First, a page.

Transit Riders Union Human Services Bus Ticket Campaign

The Transit Riders Union (TRU) is organizing to ensure that everyone in our community can access transit options, especially with the recent expansion of the Light Rail and subsequent changes to some bus service.
As a reminder, the ORCA LIFT low-income fare is now available for anyone in King, Snohomish, or Pierce county who makes less than 200% of the federal poverty limit ($23,760 for a household of 1, $40,320 for a household of 3). Visit www.orcalift.com for more information!

The following information was shared at our April 21 General Membership meeting, and prepared as a guest blog post by Katie Wilson, General Secretary of TRU. PDF version here.


Human Services Bus Ticket CampaignTransit Riders Union
progress report & call to action
April 25, 2016

Progress!

  • The problem: Toward the end of last year TRU started realizing that the expansion of Link Light Rail and the Metro bus service restructure would raise barriers for people who use bus tickets, since the tickets and paper transfers are not accepted as proof of payment on light rail.
  • The pressure: After a letter and meetings with councilmembers produced inconclusive results, we started a petition and announced a public action for April 16th. The KC Exec’s office quickly got in touch to tell us they were working on a solution.
  • 2016 0426 bus and light rail passThe solution: This “combo-ticket” will be available starting mid-June, at a cost $11 for a booklet of 10. (It is priced at 20% of the value of the bus tickets, with no extra cost for the light rail pass.) It will also be possible to swap out tickets already purchased. Until then, King County Metro has said that if organizations purchase Sound Transit Link day passes at $1 each, they will throw in twice as many bus tickets for free (Contact: Brandon Banks, brandon.banks@kingcounty.gov, 206-477-6664.)

More in the works…

  • Raising the cap: Since we’ve heard from many organizations that they were not allocated their full ticket request this year, we have also urged county councilmembers to raise the cap. Councilmember Dave Upthegrove has been very responsive on this issue (call or email him to say thanks!) and we understand that legislation is in the works to raise the cap in the near future, hopefully in May.
  • Reducing the “match”: Clearly many organizations are unable to purchase enough tickets not because of the cap, but because of the cost. We’ve begun push for the tickets to be priced at less than 20% of face value, and Councilmember Upthegrove has expressed willingness to have this conversation. We don’t have any firm commitment yet, though, so we need your help. If the cost of the tickets is a burden for your organization, please address this issue in the survey (see below)!

For the future

  • Card-based solutions: One thing that has emerged clearly through this campaign is that for many low-income, no-income and homeless people, acquiring enough tickets to meet their transportation needs is a time-consuming and frustrating daily process. Although some need for single-use tickets will remain, many people could be better served by an unlimited monthly ORCA (or ORCA LIFT) pass, or a card that could be refilled by social service organizations at a deep discount. We have suggested this to Metro and to councilmembers and they have expressed a willingness to explore options.

What you can do

  • Take the survey by Friday, May 6: King County created an online survey of organizations that distribute the tickets, to help them assess the program and make decisions about raising the cap and reducing the match. The deadline was April 8, but since the word seems not to have got out to everyone, they have opened it back up till May 6. If you submitted a response between April 8 and April 25, it was not received (even though the survey still appeared to be live), so please fill it out again! The survey can be found at: https://www.surveymonkey.com/r/B73JFLB
  • Stay in touch: Transit Riders Union will continue working with the Coalition on Homelessness, but if you’d like to get direct communications on this specific issue from TRU, email or call Katie Wilson (contact info below) and introduce yourself.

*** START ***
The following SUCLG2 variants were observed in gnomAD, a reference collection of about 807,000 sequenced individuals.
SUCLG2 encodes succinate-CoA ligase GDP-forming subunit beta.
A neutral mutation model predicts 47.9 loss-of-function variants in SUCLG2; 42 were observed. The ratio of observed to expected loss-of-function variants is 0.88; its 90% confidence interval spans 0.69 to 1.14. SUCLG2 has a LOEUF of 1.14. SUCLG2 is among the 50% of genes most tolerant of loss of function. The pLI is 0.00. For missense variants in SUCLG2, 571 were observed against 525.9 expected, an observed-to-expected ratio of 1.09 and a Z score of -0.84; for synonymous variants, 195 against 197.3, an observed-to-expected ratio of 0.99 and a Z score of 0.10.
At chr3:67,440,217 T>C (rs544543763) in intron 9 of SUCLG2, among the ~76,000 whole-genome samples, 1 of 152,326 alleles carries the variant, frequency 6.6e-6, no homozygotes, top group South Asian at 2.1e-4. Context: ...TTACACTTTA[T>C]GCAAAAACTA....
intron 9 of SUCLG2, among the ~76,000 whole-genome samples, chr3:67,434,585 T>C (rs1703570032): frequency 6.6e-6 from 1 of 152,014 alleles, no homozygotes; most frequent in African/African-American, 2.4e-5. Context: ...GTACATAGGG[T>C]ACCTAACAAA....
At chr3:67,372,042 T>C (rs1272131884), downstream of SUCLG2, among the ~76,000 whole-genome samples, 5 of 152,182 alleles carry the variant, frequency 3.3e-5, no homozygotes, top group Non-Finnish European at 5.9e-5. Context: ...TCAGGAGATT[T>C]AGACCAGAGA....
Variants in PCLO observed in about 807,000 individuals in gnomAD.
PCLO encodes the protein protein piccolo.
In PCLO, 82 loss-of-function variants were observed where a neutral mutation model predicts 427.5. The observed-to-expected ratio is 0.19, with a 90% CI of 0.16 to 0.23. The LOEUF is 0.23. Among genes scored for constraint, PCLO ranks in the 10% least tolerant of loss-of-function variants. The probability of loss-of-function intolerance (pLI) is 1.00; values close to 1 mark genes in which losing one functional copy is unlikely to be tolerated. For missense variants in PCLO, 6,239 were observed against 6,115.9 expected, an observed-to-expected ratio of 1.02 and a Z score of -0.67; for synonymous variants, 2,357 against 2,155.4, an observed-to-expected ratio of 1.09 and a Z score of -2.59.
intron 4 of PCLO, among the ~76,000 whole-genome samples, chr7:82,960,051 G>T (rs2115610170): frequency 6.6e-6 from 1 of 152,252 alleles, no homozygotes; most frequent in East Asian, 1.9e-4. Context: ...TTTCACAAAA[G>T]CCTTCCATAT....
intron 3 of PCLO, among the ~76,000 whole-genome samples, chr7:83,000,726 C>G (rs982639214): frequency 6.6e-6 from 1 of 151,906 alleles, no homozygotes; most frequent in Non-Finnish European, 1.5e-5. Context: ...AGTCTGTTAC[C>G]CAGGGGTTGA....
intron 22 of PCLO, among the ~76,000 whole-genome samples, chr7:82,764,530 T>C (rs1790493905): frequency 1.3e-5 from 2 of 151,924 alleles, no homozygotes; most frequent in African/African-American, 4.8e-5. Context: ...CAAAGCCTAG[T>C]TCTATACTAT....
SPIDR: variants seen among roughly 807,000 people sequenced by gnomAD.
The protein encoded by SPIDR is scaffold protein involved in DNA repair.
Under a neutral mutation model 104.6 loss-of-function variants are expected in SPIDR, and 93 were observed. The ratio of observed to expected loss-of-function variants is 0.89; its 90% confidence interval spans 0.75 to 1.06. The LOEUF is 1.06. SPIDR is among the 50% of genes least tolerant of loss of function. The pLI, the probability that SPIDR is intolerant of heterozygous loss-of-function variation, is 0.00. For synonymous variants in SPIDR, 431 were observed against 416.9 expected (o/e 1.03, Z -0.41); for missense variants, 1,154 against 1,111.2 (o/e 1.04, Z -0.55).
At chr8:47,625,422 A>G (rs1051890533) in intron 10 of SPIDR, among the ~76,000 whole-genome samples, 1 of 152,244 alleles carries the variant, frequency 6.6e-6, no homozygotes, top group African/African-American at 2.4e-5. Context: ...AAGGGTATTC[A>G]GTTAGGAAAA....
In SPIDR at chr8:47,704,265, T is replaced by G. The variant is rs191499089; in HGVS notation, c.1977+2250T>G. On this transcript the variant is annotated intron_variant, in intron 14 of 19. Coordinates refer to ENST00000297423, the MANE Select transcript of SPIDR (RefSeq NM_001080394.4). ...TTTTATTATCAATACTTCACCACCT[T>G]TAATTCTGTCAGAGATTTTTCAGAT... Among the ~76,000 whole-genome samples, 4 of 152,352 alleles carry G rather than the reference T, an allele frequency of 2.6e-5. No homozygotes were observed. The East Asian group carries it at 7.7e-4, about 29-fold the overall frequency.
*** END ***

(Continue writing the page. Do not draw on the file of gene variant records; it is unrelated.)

Contact: Katie Wilson, General Secretary | 206-781-7204 | katie@transitriders.org
Transit Riders Union | P.O. Box 20723 | Seattle, WA 98102

Help SAVE METRO, FIX ROADS, and make the LOW INCOME FARE more affordable…

Help SAVE METRO, FIX ROADS, and make the LOW INCOME FARE more affordable: Vote YES on Prop. 1 on April 22

With 400,000 daily rides, Metro helps keep us moving. Due to gridlock in Olympia and limited options, Metro’s facing 17% cuts to bus service, affecting 80% of today’s bus riders and putting up to 30,000 cars back on our already clogged streets. Now, it’s up to the voters of King County to keep Metro moving: we must vote YES on Proposition 1 to protect bus service and fix our roads and bridges throughout King County. In order to address the rising cost of living and transportation in our county for our lowest income neighbors, Prop. 1 will also ‘buy down’ the new Low Income Metro Fare to a more affordable rate of $1.25, and create a license-fee rebate for low income car owners. Let’s keep Metro and our community moving!

There’s plenty to do between now and April 22. Here’s how you can get involved:

  1. Endorse Prop. 1 … Whether you’re an individual, non-profit, or otherwise, you can endorse this ballot measure!
  2. Volunteer … To learn more about how you or your organization can get involved, contact Matt Taylor (206-329-2336; matt@movekingcountynow.org).
  3. Spread the word! … Information is power, so spread the ‘YES on Prop. 1’ message far and wide, using social media, e-mail lists, newsletters, etc. Here’s MoveKingCountyNow’s flyer and their comprehensive FAQ. Got questions about what to include? Contact MoveKingCountyNow (206-329-2336).
  4. Register voters … The last day to register to vote or update voter registration is Monday, March 24, 2014 (or April 14 for first-time voters who register in-person at select locations). Check voter registration status, register to vote, or download a voter registration form at http://kingcounty.gov/elections.  And remember that you don’t need a house to have a voice. Help ensure that every eligible voter can register, vote, and participate fully in the democratic process, regardless of where they sleep at night or whether they have a way to receive mail. For comprehensive information about how to help people register and vote, use and distribute the Seattle/King County Coalition on Homelessness’ free, non-partisan *Special Edition* Voters’ Guide.

Learn more or get involved at www.MoveKingCountyNow.org

We did it: We have a Low Income Metro Fare!

This historic policy win will help tens of thousands of people get on the bus.